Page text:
BP CFO Says Oil Prices Could be Headed for Correction

Oil prices look to have climbed to unsustainable levels and could soon start to fall away from multi-year highs, BP’s chief financial officer (CFO) told CNBC Tuesday.

Crude futures stood within $1 of highs not seen in more than three years on Tuesday morning, amid a broad price recovery which has helped the resurgence of some of the world’s largest oil and gas groups in recent quarters.

“Sometimes people forget that actually, it was not that long ago we were down at $28 a barrel … I think oil prices today feel a bit frothy,” Brian Gilvary, CFO at BP, told CNBC’s “Squawk Box Europe” Tuesday.

He added the recent uptick in crude futures had most likely been driven by elevated global demand and a stronger-than-expected alliance to OPEC-led production cuts.

West Texas Intermediate graph

The price of oil collapsed from highs of almost $120 a barrel in June 2014 due to weak demand, a strong dollar and booming U.S. shale production. OPEC’s reluctance to cut output was also seen as a key reason behind the fall. But, the oil cartel soon moved to implement output cuts — along with other oil-producing nations — in late 2016.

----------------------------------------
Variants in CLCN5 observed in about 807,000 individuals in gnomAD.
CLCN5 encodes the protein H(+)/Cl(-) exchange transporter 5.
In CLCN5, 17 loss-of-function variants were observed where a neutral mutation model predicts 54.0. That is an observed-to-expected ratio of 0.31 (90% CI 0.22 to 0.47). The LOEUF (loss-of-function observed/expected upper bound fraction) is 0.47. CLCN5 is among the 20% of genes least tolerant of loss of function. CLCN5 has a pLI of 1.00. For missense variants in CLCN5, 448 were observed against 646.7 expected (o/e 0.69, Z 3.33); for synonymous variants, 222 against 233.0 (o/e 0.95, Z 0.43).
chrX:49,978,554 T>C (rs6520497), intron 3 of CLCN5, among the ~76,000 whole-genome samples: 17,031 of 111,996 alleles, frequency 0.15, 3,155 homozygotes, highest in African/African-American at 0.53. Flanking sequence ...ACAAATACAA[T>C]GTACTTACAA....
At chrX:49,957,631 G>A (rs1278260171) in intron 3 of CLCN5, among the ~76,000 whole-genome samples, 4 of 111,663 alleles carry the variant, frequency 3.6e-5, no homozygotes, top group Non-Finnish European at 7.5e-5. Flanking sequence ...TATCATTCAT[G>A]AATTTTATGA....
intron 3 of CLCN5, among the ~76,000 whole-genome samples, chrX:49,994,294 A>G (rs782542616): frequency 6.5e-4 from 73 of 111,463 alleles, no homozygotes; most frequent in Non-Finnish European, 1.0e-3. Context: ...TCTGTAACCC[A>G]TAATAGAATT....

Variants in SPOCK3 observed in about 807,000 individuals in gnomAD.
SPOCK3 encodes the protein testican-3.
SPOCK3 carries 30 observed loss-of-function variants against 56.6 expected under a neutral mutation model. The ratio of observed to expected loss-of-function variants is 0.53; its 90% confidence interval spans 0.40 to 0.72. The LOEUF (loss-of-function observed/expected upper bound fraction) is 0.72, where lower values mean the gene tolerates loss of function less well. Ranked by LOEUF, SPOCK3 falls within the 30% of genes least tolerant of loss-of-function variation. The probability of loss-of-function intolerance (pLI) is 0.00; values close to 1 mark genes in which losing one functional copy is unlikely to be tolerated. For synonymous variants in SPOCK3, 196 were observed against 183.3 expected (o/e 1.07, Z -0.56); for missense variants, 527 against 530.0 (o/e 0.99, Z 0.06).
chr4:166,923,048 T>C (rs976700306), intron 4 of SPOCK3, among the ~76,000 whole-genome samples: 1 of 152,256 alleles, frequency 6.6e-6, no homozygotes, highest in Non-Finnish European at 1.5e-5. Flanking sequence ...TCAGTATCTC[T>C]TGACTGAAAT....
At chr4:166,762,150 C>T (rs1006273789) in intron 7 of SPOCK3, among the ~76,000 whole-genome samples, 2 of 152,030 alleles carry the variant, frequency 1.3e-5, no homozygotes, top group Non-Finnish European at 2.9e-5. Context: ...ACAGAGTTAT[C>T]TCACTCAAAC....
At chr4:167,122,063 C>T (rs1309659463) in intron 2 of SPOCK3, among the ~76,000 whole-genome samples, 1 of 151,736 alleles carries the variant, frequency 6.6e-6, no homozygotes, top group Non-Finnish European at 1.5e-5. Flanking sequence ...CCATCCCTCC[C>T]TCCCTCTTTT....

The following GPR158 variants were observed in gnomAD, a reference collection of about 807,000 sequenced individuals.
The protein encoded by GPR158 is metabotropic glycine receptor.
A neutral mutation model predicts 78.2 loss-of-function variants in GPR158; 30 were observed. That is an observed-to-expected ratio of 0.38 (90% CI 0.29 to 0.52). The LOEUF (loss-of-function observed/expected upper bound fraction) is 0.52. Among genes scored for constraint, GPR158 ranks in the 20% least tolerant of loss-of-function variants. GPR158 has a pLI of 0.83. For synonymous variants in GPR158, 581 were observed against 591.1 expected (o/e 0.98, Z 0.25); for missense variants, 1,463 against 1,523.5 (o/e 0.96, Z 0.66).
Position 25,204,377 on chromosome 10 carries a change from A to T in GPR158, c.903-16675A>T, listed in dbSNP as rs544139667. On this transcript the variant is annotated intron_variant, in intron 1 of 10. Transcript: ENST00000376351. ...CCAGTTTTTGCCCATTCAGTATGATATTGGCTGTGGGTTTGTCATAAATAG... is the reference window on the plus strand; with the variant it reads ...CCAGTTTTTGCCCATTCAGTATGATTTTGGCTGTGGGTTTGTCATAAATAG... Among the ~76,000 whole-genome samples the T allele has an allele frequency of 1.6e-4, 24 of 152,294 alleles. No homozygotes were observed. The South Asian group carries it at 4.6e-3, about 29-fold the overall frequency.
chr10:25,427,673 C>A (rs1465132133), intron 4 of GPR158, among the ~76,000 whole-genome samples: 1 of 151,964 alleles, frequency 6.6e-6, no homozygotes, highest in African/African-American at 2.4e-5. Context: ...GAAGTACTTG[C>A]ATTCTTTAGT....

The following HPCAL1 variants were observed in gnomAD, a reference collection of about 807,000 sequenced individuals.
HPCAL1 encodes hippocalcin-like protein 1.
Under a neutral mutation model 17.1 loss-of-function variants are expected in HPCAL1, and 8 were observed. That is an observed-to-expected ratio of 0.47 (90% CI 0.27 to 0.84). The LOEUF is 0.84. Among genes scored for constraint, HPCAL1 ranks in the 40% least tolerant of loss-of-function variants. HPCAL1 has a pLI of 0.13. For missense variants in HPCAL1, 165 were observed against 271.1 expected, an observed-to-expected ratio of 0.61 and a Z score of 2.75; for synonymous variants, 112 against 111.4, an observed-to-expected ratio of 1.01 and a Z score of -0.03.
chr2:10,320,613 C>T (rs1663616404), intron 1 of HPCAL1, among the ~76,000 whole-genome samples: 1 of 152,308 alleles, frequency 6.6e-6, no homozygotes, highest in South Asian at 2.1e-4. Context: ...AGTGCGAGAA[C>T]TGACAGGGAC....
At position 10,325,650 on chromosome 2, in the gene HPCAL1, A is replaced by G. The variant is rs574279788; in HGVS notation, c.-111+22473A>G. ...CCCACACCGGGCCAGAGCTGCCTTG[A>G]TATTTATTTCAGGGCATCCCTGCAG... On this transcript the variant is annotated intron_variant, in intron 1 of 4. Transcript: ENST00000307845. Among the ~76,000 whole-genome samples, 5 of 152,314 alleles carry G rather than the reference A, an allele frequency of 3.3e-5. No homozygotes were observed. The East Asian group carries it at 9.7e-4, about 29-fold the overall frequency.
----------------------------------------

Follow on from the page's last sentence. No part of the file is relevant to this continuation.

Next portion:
Alongside Russia and other allied producers, OPEC has spearheaded an ongoing international effort to try to clear a global supply overhang and prop up prices. The agreement, which came into effect in January 2017, has already been extended through until the end of this year — with producers scheduled to meet in June to review policy.

The output controls have widely been viewed as a success, with several major global producers honing in on achieving their original aim of reducing industrialized oil nations’ back to their five-year average.

via CNBC

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Alfonso Esparza

Alfonso Esparza

Senior Currency Analyst at Market Pulse
Alfonso Esparza specializes in macro forex strategies for North American and major currency pairs. Upon joining OANDA in 2007, Alfonso Esparza established the MarketPulseFX blog and he has since written extensively about central banks and global economic and political trends. Alfonso has also worked as a professional currency trader focused on North America and emerging markets. He has been published by The MarketWatch, Reuters, the Wall Street Journal and The Globe and Mail, and he also appears regularly as a guest commentator on networks including Bloomberg and BNN. He holds a finance degree from the Monterrey Institute of Technology and Higher Education (ITESM) and an MBA with a specialization on financial engineering and marketing from the University of Toronto.
Alfonso Esparza